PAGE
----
Learn about the profound effects of cats in pet-assisted therapy.
Nancy Kucik |
Posted: September 16, 2006, 5 a.m. EST
"Is that a cat?” This question is often asked in amazement when I take my cat Laser on visits to local hospitals. People usually expect only dogs to be involved in pet-facilitated therapy, but cats fill a special role in this type of work.
Cats as Therapists
Laser is one of just 198 cats (compared to more than 8,000 dogs) registered as therapy pets through the Delta Society, an international nonprofit organization with the mission to improve human health through service and therapy animals. Its Pet Partners Program was established in 1990 to ensure that people and animals, are well-prepared to participate in animal-assisted activity (AAA) and animal-assisted therapy (AAT) programs. It is the only national registry that requires volunteer training and screen animal/handler teams.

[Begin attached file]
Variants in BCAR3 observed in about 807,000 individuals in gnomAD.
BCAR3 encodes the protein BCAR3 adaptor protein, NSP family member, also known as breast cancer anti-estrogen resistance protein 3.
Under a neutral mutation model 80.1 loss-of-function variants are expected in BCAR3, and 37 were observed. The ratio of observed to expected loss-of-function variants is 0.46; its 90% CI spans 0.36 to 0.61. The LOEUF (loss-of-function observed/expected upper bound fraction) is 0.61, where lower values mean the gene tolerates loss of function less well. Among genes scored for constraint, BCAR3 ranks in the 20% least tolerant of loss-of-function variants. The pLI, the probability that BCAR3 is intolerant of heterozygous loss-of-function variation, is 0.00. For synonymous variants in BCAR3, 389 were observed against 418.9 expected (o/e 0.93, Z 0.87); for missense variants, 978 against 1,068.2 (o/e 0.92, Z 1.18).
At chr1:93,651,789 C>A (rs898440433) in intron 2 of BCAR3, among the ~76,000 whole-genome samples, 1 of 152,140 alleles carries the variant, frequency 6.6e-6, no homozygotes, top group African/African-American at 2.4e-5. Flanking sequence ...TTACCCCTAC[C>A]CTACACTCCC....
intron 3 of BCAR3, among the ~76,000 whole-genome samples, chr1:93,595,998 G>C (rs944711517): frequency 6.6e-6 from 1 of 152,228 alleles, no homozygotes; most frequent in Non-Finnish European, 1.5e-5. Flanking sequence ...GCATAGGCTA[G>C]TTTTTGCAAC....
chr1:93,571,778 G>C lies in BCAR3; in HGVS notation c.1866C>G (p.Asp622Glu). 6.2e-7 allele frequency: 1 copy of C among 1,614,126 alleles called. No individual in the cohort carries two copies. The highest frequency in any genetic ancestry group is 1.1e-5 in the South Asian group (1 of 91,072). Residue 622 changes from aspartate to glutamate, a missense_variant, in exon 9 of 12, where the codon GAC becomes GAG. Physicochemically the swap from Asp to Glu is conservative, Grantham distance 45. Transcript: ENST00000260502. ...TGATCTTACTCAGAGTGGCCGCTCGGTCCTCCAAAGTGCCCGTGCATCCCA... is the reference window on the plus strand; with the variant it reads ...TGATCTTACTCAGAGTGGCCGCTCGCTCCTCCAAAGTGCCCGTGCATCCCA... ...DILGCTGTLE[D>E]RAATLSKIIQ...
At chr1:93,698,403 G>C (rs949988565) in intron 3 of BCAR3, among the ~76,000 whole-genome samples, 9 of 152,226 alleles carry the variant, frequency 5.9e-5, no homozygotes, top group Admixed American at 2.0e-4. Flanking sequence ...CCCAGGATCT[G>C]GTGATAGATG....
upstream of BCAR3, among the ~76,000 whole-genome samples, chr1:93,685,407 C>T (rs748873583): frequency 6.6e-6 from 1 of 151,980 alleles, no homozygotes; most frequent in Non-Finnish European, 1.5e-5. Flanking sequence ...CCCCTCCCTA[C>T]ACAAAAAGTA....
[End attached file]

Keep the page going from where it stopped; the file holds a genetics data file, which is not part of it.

Laser and I volunteer with Hand in Paw, a group of more than 80 Delta Society-registered Pet Partner teams. We most often visit the Children’s Hospital of Alabama and the University of Alabama at Birmingham Center for Psychiatric Medicine geriatric unit.
“Some people just prefer cats to dogs or are afraid of dogs,” says Beth Franklin, executive director of Hand in Paw. “In those cases, cats are much more beneficial and effective in encouraging interactions.”
**For the full article, pick up the November issue of CAT FANCY.**
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